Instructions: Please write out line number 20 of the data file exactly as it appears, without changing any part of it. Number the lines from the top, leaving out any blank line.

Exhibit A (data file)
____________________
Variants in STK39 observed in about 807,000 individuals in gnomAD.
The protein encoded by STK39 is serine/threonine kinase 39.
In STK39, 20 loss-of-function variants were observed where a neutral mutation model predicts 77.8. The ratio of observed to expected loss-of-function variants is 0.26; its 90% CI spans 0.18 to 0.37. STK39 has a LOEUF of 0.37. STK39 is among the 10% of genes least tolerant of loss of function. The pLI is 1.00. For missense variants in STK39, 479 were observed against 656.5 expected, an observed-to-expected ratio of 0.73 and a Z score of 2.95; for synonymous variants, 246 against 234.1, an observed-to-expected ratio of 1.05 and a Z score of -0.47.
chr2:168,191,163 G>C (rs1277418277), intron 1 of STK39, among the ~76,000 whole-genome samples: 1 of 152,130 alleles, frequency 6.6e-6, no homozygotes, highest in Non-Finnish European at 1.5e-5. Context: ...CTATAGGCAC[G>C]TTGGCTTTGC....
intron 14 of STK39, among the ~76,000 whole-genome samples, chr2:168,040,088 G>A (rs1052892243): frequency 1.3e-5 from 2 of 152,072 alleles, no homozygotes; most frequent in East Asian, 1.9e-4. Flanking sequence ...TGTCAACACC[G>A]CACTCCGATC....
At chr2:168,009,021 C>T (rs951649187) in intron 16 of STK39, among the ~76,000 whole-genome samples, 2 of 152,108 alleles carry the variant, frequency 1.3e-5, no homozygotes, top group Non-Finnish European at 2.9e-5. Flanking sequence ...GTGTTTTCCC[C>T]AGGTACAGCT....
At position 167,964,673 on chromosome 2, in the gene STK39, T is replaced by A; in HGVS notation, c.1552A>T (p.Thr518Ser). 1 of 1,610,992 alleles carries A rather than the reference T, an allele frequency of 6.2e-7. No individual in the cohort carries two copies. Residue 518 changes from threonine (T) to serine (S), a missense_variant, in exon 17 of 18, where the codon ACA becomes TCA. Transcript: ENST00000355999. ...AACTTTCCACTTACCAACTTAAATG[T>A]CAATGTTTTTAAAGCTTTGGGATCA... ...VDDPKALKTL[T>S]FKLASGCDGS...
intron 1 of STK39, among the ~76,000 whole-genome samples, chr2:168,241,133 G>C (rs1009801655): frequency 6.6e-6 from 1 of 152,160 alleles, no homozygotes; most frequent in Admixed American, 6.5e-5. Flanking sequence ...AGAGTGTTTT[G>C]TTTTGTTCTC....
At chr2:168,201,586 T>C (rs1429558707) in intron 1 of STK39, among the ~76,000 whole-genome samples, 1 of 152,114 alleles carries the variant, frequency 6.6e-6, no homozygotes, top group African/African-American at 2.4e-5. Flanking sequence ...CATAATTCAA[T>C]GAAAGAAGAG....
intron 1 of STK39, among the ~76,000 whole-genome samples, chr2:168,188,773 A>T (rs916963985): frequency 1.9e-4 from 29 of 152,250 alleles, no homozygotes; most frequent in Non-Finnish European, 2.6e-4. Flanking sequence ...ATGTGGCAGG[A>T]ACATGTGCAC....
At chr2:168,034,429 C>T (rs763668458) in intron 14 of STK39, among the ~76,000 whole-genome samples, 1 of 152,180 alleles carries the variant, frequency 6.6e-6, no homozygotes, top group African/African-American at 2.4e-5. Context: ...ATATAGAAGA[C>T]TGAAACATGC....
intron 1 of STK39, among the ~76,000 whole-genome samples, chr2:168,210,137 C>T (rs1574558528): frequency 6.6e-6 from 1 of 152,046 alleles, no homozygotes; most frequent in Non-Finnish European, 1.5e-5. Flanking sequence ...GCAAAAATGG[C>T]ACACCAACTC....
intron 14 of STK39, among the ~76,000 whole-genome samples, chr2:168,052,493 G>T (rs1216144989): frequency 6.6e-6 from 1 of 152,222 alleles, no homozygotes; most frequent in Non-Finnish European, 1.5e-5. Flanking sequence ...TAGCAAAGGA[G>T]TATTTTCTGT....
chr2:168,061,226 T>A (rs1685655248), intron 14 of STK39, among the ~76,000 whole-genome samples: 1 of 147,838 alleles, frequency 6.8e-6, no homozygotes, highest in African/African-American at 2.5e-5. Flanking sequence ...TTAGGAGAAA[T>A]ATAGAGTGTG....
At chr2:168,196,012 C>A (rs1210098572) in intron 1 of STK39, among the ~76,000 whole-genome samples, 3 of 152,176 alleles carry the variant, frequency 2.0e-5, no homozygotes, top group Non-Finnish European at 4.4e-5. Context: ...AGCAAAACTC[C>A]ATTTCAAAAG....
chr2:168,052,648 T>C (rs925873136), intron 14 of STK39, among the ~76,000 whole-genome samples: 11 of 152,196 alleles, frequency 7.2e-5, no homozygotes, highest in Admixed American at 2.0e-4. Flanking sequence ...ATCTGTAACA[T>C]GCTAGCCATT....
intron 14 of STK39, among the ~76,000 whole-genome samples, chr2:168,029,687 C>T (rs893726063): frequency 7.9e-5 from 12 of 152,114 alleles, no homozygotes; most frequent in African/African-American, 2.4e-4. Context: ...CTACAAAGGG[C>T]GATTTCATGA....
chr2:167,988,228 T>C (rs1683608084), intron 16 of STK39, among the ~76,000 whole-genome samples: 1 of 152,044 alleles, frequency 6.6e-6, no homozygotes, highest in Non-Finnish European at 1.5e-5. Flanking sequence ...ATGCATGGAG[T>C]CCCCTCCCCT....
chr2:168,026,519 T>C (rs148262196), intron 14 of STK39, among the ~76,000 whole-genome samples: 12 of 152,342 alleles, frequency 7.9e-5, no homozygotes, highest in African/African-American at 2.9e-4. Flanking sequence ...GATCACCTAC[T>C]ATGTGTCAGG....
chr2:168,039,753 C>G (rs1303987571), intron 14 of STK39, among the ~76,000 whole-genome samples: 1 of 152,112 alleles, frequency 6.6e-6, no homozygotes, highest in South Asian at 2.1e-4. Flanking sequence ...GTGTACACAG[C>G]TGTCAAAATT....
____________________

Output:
chr2:168,039,753 C>G (rs1303987571), intron 14 of STK39, among the ~76,000 whole-genome samples: 1 of 152,112 alleles, frequency 6.6e-6, no homozygotes, highest in South Asian at 2.1e-4. Flanking sequence ...GTGTACACAG[C>G]TGTCAAAATT....